Last week I went to the dentist to find out that a tooth, which chipped about two months ago, had indeed become abscessed. We can’t afford the root canal, but losing this molar would not be a good option because the adjacent premolar is already missing (since about 1986). I’d lose too much chewing capacity on the right side. A root canal it must be.
I don’t especially hate dentists. Though I must say, I’m skeptical about conventional hygiene, oral and otherwise, with its phobia about dirt and bacteria. Except for the previous emergency 10 years ago, when one of my wisdom teeth split in two and had to be extracted, I hadn’t attended a dentist in about 12 years because I couldn’t afford it.
As an experiment, I stopped brushing about eight years ago, and my previously very sensitive teeth stopped hurting. No one reported bad breath when asked. My gums stopped receding and nothing fell out. I still floss sometimes. I have two previously chipped teeth that were sensitive for a while, then stopped. I’d fix them if I could afford to, but the roots weren’t affected and they haven’t given me any problems in five years.
But until last week I hadn’t owned a toothbrush for years. At the moment I’m enjoying the sensation of having them clean, but aren’t we all trained this way ever since those regimental fluoride applications in grade school? How much is necessary and how much are we supporting an industry that has us all convinced we need to spend many thousands of dollars on our mouths over the course of a lifetime? This is so ingrained that I’m embarrassed to admit this rebellion in print.
I have come to believe that my mouth is healthier with a natural population of microbes. Probably most of our dental problems come from inappropriate diets. I’ve minimized my consumption of refined sugars and I’m working on reducing those starchy carbohydrates, the two main offenders against healthy enamel. This seems to me a more effective, economical approach.
It’s not only the teeth. I’ve reduced my use of other personal products as well. Some years ago, I stopped using any soap above the neck. This was not a private experiment, because I knew others who had done it. Soap goes only on those body parts that actually need it: armpits, genitals, crotch and feet. I have sensitive skin, too. Without soap, my face stopped getting adult acne.
I wash my hair with water alone. This adjustment was hard. At first it felt so greasy, it drove me nuts. But my scalp chemistry changed over the next six months. My fine hair became softer, glossier and healthier than before. Unfortunately I’m naturally oily (I’m one of those people who stains his pillow, though it was even worse when I used soap on my head), so my hair won’t take to growing long.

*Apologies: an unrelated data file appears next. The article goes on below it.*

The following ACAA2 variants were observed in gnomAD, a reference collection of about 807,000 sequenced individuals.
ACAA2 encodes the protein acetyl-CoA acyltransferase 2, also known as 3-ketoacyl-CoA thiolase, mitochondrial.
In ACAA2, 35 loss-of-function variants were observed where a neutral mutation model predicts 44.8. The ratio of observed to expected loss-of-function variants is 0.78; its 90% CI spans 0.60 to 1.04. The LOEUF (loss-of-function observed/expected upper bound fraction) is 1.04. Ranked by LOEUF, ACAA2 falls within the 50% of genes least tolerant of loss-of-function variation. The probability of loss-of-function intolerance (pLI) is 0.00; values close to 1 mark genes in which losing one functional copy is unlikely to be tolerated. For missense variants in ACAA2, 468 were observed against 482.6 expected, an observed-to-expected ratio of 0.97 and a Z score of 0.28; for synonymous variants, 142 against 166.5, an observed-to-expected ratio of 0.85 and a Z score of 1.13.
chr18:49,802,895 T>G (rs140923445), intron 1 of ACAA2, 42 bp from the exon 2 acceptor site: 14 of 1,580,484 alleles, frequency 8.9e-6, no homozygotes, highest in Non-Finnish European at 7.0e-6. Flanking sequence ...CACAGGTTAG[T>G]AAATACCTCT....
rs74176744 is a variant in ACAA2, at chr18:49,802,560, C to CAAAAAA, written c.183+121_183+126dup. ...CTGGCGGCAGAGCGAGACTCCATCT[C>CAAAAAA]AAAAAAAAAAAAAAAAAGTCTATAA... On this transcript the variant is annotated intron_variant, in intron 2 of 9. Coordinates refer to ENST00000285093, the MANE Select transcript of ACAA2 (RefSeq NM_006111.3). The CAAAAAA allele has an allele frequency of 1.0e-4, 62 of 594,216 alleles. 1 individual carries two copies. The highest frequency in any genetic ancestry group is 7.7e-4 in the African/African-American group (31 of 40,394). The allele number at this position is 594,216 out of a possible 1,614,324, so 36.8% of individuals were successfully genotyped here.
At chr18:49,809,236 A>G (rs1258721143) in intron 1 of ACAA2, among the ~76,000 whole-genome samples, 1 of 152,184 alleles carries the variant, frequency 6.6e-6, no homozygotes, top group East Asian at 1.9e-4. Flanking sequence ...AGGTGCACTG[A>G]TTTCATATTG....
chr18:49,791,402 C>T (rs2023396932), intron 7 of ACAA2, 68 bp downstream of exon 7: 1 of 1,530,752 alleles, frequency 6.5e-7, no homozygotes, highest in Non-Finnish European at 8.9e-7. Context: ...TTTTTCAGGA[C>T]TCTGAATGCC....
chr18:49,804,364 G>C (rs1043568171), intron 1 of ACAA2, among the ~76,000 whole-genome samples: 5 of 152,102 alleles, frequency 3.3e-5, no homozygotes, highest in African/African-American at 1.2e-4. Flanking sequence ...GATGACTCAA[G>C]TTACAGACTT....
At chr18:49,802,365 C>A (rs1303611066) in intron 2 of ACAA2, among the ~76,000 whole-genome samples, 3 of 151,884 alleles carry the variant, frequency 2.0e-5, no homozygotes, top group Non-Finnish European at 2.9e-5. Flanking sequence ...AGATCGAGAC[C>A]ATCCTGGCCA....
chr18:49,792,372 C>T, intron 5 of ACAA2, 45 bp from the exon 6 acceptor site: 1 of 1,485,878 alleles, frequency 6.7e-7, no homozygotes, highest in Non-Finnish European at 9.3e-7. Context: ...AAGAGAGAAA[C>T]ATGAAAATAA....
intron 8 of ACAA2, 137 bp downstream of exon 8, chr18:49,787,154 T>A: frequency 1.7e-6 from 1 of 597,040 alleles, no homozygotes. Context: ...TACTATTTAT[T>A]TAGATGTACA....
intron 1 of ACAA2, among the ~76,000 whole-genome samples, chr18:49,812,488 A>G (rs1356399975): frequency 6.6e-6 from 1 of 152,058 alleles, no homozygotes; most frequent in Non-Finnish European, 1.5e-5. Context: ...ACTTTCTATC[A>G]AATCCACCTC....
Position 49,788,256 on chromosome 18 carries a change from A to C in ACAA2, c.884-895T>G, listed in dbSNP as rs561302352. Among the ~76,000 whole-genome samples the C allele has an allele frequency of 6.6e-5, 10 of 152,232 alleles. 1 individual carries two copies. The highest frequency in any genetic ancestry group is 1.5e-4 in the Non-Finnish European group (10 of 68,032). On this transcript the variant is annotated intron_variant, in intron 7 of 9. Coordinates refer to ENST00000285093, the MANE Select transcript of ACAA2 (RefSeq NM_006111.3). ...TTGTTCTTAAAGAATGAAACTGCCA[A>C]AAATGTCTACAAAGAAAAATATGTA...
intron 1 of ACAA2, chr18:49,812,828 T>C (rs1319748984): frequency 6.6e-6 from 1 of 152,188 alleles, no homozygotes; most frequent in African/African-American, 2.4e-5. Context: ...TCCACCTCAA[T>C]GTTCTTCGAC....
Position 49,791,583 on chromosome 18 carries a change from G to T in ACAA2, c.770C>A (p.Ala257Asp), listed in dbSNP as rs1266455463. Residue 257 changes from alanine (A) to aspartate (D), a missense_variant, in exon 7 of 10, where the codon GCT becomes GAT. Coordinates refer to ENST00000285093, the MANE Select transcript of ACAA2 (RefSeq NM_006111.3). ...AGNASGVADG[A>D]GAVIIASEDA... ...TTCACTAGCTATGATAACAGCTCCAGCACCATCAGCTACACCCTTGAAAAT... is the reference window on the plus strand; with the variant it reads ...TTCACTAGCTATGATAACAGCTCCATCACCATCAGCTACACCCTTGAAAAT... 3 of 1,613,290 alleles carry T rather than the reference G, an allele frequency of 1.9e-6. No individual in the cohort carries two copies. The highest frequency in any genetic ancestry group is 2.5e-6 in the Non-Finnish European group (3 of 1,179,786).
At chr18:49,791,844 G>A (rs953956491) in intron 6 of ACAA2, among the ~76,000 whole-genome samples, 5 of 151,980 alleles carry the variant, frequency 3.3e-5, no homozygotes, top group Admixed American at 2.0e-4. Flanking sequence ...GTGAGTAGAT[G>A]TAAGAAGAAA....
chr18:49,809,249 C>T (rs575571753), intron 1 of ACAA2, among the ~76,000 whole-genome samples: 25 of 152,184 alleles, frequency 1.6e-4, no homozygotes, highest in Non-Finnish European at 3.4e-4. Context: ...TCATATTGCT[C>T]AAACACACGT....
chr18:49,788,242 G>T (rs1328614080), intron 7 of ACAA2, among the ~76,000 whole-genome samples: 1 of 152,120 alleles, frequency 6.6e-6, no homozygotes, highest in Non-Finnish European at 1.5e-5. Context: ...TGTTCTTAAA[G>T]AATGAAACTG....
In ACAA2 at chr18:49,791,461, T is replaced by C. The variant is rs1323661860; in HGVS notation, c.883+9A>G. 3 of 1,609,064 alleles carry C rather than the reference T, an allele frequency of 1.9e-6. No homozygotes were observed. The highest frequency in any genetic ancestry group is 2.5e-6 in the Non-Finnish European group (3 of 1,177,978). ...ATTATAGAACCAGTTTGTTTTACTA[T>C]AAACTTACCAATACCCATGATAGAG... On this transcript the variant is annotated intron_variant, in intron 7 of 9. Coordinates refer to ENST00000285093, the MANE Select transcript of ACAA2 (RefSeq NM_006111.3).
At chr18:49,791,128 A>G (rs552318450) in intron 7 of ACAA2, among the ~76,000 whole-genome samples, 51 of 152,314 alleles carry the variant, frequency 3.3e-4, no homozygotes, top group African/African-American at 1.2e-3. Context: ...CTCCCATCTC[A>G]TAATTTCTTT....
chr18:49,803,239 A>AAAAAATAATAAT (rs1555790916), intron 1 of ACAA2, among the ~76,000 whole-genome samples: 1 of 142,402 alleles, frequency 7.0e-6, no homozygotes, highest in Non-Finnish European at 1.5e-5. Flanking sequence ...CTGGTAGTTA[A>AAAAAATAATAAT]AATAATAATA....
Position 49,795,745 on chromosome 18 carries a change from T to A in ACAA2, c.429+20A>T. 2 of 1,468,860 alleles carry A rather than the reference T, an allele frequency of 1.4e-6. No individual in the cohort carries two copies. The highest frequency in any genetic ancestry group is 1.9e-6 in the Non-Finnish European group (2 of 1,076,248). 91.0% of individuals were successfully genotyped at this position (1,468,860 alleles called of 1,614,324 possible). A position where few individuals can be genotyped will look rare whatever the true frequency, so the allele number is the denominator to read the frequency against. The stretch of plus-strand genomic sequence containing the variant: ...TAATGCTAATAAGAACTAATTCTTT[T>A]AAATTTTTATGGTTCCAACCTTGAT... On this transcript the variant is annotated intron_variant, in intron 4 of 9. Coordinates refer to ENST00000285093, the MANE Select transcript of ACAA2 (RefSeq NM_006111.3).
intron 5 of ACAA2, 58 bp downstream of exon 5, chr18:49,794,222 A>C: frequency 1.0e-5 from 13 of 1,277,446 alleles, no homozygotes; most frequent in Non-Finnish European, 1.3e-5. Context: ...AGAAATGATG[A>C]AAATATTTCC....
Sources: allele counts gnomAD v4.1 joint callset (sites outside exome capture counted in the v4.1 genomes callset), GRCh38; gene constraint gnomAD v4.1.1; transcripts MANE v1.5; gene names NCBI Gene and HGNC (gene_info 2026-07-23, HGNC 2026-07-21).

I even tried dropping my lifetime dependency on antiperspirant, but that experiment flopped. A yeast infection plagued me all last winter. Even corn starch and health store alternatives failed to do the trick. Apparently my pampered body was not ready to make the adjustment. Okay, I’m inclined to sweat, so I retreated to my Gillette stick. Maybe this would have been more successful were I more physically active and less overweight, but that’s an alternate reality. Everybody is different and this is one thing my body and lifestyle require.
Overall, I think we’re too obsessed with being clean. Medical research is only now revealing how much our bodies depend on the microbiome, that huge population of organisms that lives in and on us. In fact, we can’t survive without it. It effects our digestive, nervous, immune and other organ systems. I’ve been reminded of this by the regimen of antibiotics, necessary to bring down the infection in my tooth, and what harsh side effects it has had on my digestive process. I’ve been tired and dehydrated for 10 days.
There is even evidence that the bacteria living in plaques on our teeth provide protection against certain diseases. So maybe I’ll stop using the toothbrush again once this ordeal is finished.
No doubt, I need a dentist now. Without modern medicine I might die of infection or, at the very least, lose the tooth in a painful, undignified and risky way. Evolution didn’t design our teeth to last 75 years, but I do hope to live and enjoy meals for at least that long.
Maybe that’s why we’re so paranoid about filth. It’s the old fight against eternity, and the gnawing realization that bacteria will someday consume our bodies. The body’s slow decay during life and afterward is tragic, inevitable and natural.